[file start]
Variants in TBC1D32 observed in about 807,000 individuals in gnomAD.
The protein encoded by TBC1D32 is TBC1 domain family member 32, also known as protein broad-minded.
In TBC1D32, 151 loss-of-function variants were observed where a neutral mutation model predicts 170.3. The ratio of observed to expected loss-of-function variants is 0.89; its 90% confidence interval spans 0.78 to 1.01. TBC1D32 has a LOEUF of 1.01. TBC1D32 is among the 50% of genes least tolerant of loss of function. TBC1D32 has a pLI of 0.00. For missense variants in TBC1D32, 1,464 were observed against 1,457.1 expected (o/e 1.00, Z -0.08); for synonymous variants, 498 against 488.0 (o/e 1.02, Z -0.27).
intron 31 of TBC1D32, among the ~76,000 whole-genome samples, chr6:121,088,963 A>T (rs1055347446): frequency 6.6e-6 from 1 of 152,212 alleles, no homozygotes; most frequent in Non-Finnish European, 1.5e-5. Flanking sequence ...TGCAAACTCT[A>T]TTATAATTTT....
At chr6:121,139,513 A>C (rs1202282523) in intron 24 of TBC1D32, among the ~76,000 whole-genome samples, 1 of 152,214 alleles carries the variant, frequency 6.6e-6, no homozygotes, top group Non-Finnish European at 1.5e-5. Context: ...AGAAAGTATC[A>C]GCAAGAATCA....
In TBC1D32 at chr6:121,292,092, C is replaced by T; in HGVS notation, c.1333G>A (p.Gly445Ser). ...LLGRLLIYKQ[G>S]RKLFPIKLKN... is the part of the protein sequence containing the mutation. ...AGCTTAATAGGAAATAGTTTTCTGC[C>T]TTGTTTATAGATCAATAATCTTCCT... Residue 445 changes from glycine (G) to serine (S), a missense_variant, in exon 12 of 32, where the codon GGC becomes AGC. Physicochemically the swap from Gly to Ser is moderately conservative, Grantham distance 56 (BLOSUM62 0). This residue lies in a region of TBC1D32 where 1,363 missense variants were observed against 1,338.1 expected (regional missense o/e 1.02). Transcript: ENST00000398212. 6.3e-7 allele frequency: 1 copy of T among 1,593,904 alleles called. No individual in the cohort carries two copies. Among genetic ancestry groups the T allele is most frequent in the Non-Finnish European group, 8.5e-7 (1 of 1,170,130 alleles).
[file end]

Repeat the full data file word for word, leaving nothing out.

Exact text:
Variants in TBC1D32 observed in about 807,000 individuals in gnomAD.
The protein encoded by TBC1D32 is TBC1 domain family member 32, also known as protein broad-minded.
In TBC1D32, 151 loss-of-function variants were observed where a neutral mutation model predicts 170.3. The ratio of observed to expected loss-of-function variants is 0.89; its 90% confidence interval spans 0.78 to 1.01. TBC1D32 has a LOEUF of 1.01. TBC1D32 is among the 50% of genes least tolerant of loss of function. TBC1D32 has a pLI of 0.00. For missense variants in TBC1D32, 1,464 were observed against 1,457.1 expected (o/e 1.00, Z -0.08); for synonymous variants, 498 against 488.0 (o/e 1.02, Z -0.27).
intron 31 of TBC1D32, among the ~76,000 whole-genome samples, chr6:121,088,963 A>T (rs1055347446): frequency 6.6e-6 from 1 of 152,212 alleles, no homozygotes; most frequent in Non-Finnish European, 1.5e-5. Flanking sequence ...TGCAAACTCT[A>T]TTATAATTTT....
At chr6:121,139,513 A>C (rs1202282523) in intron 24 of TBC1D32, among the ~76,000 whole-genome samples, 1 of 152,214 alleles carries the variant, frequency 6.6e-6, no homozygotes, top group Non-Finnish European at 1.5e-5. Context: ...AGAAAGTATC[A>C]GCAAGAATCA....
In TBC1D32 at chr6:121,292,092, C is replaced by T; in HGVS notation, c.1333G>A (p.Gly445Ser). ...LLGRLLIYKQ[G>S]RKLFPIKLKN... is the part of the protein sequence containing the mutation. ...AGCTTAATAGGAAATAGTTTTCTGC[C>T]TTGTTTATAGATCAATAATCTTCCT... Residue 445 changes from glycine (G) to serine (S), a missense_variant, in exon 12 of 32, where the codon GGC becomes AGC. Physicochemically the swap from Gly to Ser is moderately conservative, Grantham distance 56 (BLOSUM62 0). This residue lies in a region of TBC1D32 where 1,363 missense variants were observed against 1,338.1 expected (regional missense o/e 1.02). Transcript: ENST00000398212. 6.3e-7 allele frequency: 1 copy of T among 1,593,904 alleles called. No individual in the cohort carries two copies. Among genetic ancestry groups the T allele is most frequent in the Non-Finnish European group, 8.5e-7 (1 of 1,170,130 alleles).